- Telecommunication: For keeping records of calls made, generating monthly bills, maintaining balances on prepaid calling cards, and storing information about the communication networks.
- Finance: For storing information about holdings, sales, and purchases of financial instruments such as stocks and bonds.
- Sales: For customer, product and purchase information.
- Manufacturing: For management of supply chain and for tracking production of items in factories, inventories of items in warehouses, stores, and orders of items.
- Human resources: For information about employees, salaries, payroll, taxes and benefits, and for generation of paychecks.
Application development without DBMS (Disadvantages of File Processing System)
The typical file processing system is supported by a conventional operating system. The system stores permanent records in different files and it needs different application programs to extract records from file and to add records into files. Before the emergence of DBMS, organization stored information in file system. Keeping organizational data in file processing system has various disadvantages and some of them are:
- Data Redundancy and Inconsistency: Redundancy means repetition of same data item in many places within a data file. In a file processing system, there exists many chances of data redundancy. Due to redundancy, there occurs wastage of storage space and difficulty in modifying data. The same data item may be in different form or format in various places within a data file and it is known as data inconsistency.
- Difficulty in Accessing Data: In file processing system, different data files are used to store different information and we need different application programs to access those data files. So, it is difficult in accessing data in a file processing system.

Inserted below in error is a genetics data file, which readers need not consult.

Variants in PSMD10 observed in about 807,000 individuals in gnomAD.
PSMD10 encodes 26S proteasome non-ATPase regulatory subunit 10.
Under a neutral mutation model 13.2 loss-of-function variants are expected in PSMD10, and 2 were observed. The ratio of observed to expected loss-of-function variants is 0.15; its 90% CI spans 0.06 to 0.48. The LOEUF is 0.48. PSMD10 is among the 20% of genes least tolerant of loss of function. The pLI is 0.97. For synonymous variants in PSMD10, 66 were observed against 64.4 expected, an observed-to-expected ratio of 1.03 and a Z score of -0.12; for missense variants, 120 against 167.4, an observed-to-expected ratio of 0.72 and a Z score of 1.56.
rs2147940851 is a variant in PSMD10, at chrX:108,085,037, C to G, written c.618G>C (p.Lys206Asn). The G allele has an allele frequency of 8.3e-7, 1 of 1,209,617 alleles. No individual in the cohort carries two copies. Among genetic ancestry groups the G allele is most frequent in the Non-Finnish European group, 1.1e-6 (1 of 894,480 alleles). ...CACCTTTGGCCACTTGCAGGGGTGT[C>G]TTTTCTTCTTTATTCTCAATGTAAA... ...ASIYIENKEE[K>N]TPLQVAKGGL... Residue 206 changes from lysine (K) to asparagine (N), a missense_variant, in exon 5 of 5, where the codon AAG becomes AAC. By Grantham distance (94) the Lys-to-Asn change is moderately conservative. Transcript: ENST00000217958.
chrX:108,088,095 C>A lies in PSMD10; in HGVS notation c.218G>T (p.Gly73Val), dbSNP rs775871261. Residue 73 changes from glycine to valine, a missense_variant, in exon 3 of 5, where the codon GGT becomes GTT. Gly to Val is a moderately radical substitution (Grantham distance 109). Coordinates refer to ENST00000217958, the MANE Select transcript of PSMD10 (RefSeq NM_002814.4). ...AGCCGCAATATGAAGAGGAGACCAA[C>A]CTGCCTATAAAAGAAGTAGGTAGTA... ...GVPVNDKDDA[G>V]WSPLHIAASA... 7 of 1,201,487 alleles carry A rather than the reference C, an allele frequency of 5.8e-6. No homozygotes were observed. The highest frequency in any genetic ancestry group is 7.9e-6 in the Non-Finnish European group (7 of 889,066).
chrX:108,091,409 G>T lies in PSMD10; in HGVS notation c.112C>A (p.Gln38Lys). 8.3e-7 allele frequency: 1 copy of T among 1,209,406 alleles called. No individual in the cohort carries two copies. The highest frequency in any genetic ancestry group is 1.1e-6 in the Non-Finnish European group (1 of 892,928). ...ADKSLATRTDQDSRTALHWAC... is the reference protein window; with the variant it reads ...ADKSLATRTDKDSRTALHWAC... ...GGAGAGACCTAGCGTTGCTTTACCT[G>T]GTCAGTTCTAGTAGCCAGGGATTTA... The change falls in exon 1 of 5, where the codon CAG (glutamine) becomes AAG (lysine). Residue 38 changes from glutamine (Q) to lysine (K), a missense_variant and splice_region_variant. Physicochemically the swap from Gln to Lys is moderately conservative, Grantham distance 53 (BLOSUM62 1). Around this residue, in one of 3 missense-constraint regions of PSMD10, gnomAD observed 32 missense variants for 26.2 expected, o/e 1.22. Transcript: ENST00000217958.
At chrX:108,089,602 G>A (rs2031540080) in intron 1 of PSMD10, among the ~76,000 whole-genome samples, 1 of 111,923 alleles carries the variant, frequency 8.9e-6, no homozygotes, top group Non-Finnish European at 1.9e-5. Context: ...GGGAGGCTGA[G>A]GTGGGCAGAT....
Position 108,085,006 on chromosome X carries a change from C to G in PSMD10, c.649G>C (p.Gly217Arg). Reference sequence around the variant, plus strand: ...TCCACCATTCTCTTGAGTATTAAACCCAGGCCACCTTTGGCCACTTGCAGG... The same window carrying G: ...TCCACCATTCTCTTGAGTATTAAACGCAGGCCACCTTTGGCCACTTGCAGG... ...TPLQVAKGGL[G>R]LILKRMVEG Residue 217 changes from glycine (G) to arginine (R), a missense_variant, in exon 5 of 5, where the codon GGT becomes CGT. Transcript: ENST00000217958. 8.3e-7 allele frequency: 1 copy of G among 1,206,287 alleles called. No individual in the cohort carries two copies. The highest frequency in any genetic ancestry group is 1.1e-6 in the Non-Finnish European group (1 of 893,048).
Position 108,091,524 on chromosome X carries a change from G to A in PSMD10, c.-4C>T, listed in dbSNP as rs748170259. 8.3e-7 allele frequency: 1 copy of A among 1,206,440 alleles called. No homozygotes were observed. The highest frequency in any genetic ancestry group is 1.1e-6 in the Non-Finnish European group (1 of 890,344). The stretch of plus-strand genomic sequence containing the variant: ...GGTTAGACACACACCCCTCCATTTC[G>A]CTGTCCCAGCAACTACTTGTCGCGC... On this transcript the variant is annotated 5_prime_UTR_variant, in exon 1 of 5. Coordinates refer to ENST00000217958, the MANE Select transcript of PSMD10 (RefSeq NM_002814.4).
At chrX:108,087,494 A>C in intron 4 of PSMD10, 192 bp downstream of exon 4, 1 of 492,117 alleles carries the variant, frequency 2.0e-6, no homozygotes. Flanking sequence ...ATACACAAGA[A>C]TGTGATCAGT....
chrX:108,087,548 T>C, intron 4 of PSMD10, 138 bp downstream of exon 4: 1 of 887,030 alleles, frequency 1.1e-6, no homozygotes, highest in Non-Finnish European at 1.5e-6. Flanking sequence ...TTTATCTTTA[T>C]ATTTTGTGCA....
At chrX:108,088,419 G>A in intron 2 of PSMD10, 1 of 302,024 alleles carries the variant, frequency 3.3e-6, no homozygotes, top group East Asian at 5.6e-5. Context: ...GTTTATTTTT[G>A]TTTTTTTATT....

- Integrity Problems: Data integrity means data contained in a database is both accurate and consistent. To maintain the integrity of data file processing system does not provide any facility.
- Atomicity Problems (“Do All or Do Nothing”): In file processing system, the transaction operating on data files are not atomic. So, if a transaction fails after performing partial operations, the database may be in an inconsistent step and this problem is known as atomicity problem.
- Concurrent Access Anomalies: Due to the concurrent or parallel access of same data file by multiple users at the same time there may exist some problems and it is known as concurrent access anomaly.
- Security Problems: File processing system does not provide any facility for the security and privacy of data files.
- Data Dependency: In file processing system, data files and programs are totally dependent on each other. If we want to make any changes on data files, then we have to make according changes in program as well and vice-verse.
- Limited Data Sharing: Single user can only access a data file in file processing system. So, data sharing is limited.
- Poor Programmers Productivity: Efficiency of programmers is reduced in file processing system due to the complexity of combining data files and program files.
- Excessive Program Maintenance: If we have to make some changes in a program then that change has to be done in many places within a program and data file. So, it requires excessive program maintenance.
- No facility for Backup and Recovery: File processing system does not provide facility for creating automatic backup and recovery of data in case of any type of failure.
This post was update on Nov 18, 2014 and originally written in Aug 18. 2012.